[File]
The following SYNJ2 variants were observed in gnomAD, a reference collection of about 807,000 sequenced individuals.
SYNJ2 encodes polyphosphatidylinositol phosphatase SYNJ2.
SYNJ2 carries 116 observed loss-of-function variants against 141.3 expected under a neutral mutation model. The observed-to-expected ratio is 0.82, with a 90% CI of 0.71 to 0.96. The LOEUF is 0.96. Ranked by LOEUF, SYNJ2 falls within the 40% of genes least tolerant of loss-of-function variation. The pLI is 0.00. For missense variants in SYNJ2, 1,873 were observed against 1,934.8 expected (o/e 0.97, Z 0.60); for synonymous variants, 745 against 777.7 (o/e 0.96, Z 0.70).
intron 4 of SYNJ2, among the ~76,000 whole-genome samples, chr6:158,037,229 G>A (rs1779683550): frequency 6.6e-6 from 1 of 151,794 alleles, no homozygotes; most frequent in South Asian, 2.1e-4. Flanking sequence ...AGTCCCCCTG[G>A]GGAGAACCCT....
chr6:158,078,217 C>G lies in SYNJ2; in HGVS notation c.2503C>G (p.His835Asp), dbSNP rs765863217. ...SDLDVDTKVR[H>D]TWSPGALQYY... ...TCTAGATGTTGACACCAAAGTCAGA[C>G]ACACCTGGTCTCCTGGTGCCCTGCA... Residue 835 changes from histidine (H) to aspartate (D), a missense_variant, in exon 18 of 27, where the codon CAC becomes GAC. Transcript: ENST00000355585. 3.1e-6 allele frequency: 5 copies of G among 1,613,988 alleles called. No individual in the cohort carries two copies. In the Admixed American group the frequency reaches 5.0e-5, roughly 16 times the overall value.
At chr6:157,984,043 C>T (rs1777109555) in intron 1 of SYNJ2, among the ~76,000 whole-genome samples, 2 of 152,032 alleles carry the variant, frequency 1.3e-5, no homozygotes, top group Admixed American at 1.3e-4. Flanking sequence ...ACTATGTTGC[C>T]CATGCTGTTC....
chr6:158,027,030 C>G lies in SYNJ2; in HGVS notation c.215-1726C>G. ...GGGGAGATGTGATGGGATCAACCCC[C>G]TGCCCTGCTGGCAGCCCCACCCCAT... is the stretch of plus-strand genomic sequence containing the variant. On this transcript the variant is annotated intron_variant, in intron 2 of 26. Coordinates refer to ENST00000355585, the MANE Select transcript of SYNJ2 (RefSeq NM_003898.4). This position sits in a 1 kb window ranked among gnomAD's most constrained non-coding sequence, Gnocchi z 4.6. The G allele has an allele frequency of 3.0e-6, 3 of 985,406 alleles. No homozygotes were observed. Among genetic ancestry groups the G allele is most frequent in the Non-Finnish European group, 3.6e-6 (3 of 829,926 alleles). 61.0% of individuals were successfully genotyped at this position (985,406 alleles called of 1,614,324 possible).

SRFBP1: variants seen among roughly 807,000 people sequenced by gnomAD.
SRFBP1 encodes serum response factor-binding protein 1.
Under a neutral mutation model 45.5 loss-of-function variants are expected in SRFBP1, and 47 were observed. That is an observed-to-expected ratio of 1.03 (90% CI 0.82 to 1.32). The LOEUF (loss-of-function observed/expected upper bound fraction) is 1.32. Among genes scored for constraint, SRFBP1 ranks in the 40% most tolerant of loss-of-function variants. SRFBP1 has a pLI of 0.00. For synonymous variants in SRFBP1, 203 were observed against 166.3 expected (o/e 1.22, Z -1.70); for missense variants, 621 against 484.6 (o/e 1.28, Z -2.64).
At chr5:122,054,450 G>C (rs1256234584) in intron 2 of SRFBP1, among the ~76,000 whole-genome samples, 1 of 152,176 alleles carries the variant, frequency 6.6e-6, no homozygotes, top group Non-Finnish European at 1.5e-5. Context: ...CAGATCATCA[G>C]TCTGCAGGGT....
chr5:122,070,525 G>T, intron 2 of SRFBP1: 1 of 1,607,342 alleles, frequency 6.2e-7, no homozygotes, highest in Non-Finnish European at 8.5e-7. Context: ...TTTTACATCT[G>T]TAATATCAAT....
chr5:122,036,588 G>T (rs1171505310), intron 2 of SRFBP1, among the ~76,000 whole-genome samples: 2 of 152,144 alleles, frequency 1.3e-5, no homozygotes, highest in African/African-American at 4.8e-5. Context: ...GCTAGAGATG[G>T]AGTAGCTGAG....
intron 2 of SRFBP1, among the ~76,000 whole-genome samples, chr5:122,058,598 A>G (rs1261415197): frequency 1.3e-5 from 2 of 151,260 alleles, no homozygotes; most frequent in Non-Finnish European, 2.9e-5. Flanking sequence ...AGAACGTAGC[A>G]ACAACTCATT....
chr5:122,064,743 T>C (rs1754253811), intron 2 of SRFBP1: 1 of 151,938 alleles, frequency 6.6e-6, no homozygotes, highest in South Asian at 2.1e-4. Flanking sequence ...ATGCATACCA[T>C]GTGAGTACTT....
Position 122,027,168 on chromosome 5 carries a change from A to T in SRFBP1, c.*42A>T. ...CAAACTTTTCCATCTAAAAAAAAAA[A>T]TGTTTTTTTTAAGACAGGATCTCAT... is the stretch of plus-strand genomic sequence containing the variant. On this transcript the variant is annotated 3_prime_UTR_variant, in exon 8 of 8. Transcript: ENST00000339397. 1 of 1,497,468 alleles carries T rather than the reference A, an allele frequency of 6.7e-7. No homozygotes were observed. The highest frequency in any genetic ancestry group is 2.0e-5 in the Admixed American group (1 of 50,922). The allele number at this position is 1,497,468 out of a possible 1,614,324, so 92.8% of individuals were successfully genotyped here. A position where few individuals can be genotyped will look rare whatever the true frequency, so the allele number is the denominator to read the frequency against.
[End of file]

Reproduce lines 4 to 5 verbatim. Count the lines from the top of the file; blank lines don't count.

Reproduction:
intron 4 of SYNJ2, among the ~76,000 whole-genome samples, chr6:158,037,229 G>A (rs1779683550): frequency 6.6e-6 from 1 of 151,794 alleles, no homozygotes; most frequent in South Asian, 2.1e-4. Flanking sequence ...AGTCCCCCTG[G>A]GGAGAACCCT....
chr6:158,078,217 C>G lies in SYNJ2; in HGVS notation c.2503C>G (p.His835Asp), dbSNP rs765863217. ...SDLDVDTKVR[H>D]TWSPGALQYY... ...TCTAGATGTTGACACCAAAGTCAGA[C>G]ACACCTGGTCTCCTGGTGCCCTGCA... Residue 835 changes from histidine (H) to aspartate (D), a missense_variant, in exon 18 of 27, where the codon CAC becomes GAC. Transcript: ENST00000355585. 3.1e-6 allele frequency: 5 copies of G among 1,613,988 alleles called. No individual in the cohort carries two copies. In the Admixed American group the frequency reaches 5.0e-5, roughly 16 times the overall value.